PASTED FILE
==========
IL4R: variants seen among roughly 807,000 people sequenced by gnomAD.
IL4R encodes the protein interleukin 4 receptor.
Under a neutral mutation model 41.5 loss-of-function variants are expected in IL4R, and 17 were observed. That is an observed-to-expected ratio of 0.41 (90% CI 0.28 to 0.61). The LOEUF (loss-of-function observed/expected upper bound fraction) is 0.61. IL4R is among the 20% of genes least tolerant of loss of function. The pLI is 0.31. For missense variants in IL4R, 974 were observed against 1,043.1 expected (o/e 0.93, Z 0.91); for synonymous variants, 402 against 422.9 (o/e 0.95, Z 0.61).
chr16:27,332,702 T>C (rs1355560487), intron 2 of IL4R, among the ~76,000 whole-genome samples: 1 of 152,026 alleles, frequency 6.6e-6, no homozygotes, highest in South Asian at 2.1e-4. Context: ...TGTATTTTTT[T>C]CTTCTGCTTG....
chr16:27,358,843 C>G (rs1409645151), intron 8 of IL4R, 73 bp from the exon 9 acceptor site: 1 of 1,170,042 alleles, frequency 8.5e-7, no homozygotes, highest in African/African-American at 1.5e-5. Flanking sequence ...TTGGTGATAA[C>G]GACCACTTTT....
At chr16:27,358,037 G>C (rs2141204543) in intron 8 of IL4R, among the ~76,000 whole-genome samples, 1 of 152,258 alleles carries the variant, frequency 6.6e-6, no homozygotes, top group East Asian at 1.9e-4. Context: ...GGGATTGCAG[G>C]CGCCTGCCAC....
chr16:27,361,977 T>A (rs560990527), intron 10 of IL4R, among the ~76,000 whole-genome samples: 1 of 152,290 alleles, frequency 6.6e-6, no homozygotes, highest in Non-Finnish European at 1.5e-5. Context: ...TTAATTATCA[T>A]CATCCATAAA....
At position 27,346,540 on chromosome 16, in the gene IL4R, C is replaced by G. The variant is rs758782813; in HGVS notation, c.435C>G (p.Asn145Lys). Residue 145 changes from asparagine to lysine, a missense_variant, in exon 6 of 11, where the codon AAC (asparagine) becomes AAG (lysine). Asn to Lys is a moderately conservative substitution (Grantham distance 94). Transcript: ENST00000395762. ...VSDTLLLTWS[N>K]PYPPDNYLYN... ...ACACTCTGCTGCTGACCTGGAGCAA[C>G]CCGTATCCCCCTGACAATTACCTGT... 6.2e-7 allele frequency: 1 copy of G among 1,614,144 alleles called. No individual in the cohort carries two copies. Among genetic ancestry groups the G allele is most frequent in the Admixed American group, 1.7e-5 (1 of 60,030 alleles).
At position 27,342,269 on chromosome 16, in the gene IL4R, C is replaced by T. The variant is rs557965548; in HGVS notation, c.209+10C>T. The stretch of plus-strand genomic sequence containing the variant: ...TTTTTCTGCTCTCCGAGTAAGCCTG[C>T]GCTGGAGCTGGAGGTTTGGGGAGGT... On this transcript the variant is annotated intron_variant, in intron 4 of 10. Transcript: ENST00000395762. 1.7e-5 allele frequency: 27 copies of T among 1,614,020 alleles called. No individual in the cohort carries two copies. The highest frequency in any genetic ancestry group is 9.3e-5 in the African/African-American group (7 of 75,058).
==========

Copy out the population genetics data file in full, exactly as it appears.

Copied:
IL4R: variants seen among roughly 807,000 people sequenced by gnomAD.
IL4R encodes the protein interleukin 4 receptor.
Under a neutral mutation model 41.5 loss-of-function variants are expected in IL4R, and 17 were observed. That is an observed-to-expected ratio of 0.41 (90% CI 0.28 to 0.61). The LOEUF (loss-of-function observed/expected upper bound fraction) is 0.61. IL4R is among the 20% of genes least tolerant of loss of function. The pLI is 0.31. For missense variants in IL4R, 974 were observed against 1,043.1 expected (o/e 0.93, Z 0.91); for synonymous variants, 402 against 422.9 (o/e 0.95, Z 0.61).
chr16:27,332,702 T>C (rs1355560487), intron 2 of IL4R, among the ~76,000 whole-genome samples: 1 of 152,026 alleles, frequency 6.6e-6, no homozygotes, highest in South Asian at 2.1e-4. Context: ...TGTATTTTTT[T>C]CTTCTGCTTG....
chr16:27,358,843 C>G (rs1409645151), intron 8 of IL4R, 73 bp from the exon 9 acceptor site: 1 of 1,170,042 alleles, frequency 8.5e-7, no homozygotes, highest in African/African-American at 1.5e-5. Flanking sequence ...TTGGTGATAA[C>G]GACCACTTTT....
At chr16:27,358,037 G>C (rs2141204543) in intron 8 of IL4R, among the ~76,000 whole-genome samples, 1 of 152,258 alleles carries the variant, frequency 6.6e-6, no homozygotes, top group East Asian at 1.9e-4. Context: ...GGGATTGCAG[G>C]CGCCTGCCAC....
chr16:27,361,977 T>A (rs560990527), intron 10 of IL4R, among the ~76,000 whole-genome samples: 1 of 152,290 alleles, frequency 6.6e-6, no homozygotes, highest in Non-Finnish European at 1.5e-5. Context: ...TTAATTATCA[T>A]CATCCATAAA....
At position 27,346,540 on chromosome 16, in the gene IL4R, C is replaced by G. The variant is rs758782813; in HGVS notation, c.435C>G (p.Asn145Lys). Residue 145 changes from asparagine to lysine, a missense_variant, in exon 6 of 11, where the codon AAC (asparagine) becomes AAG (lysine). Asn to Lys is a moderately conservative substitution (Grantham distance 94). Transcript: ENST00000395762. ...VSDTLLLTWS[N>K]PYPPDNYLYN... ...ACACTCTGCTGCTGACCTGGAGCAA[C>G]CCGTATCCCCCTGACAATTACCTGT... 6.2e-7 allele frequency: 1 copy of G among 1,614,144 alleles called. No individual in the cohort carries two copies. Among genetic ancestry groups the G allele is most frequent in the Admixed American group, 1.7e-5 (1 of 60,030 alleles).
At position 27,342,269 on chromosome 16, in the gene IL4R, C is replaced by T. The variant is rs557965548; in HGVS notation, c.209+10C>T. The stretch of plus-strand genomic sequence containing the variant: ...TTTTTCTGCTCTCCGAGTAAGCCTG[C>T]GCTGGAGCTGGAGGTTTGGGGAGGT... On this transcript the variant is annotated intron_variant, in intron 4 of 10. Transcript: ENST00000395762. 1.7e-5 allele frequency: 27 copies of T among 1,614,020 alleles called. No individual in the cohort carries two copies. The highest frequency in any genetic ancestry group is 9.3e-5 in the African/African-American group (7 of 75,058).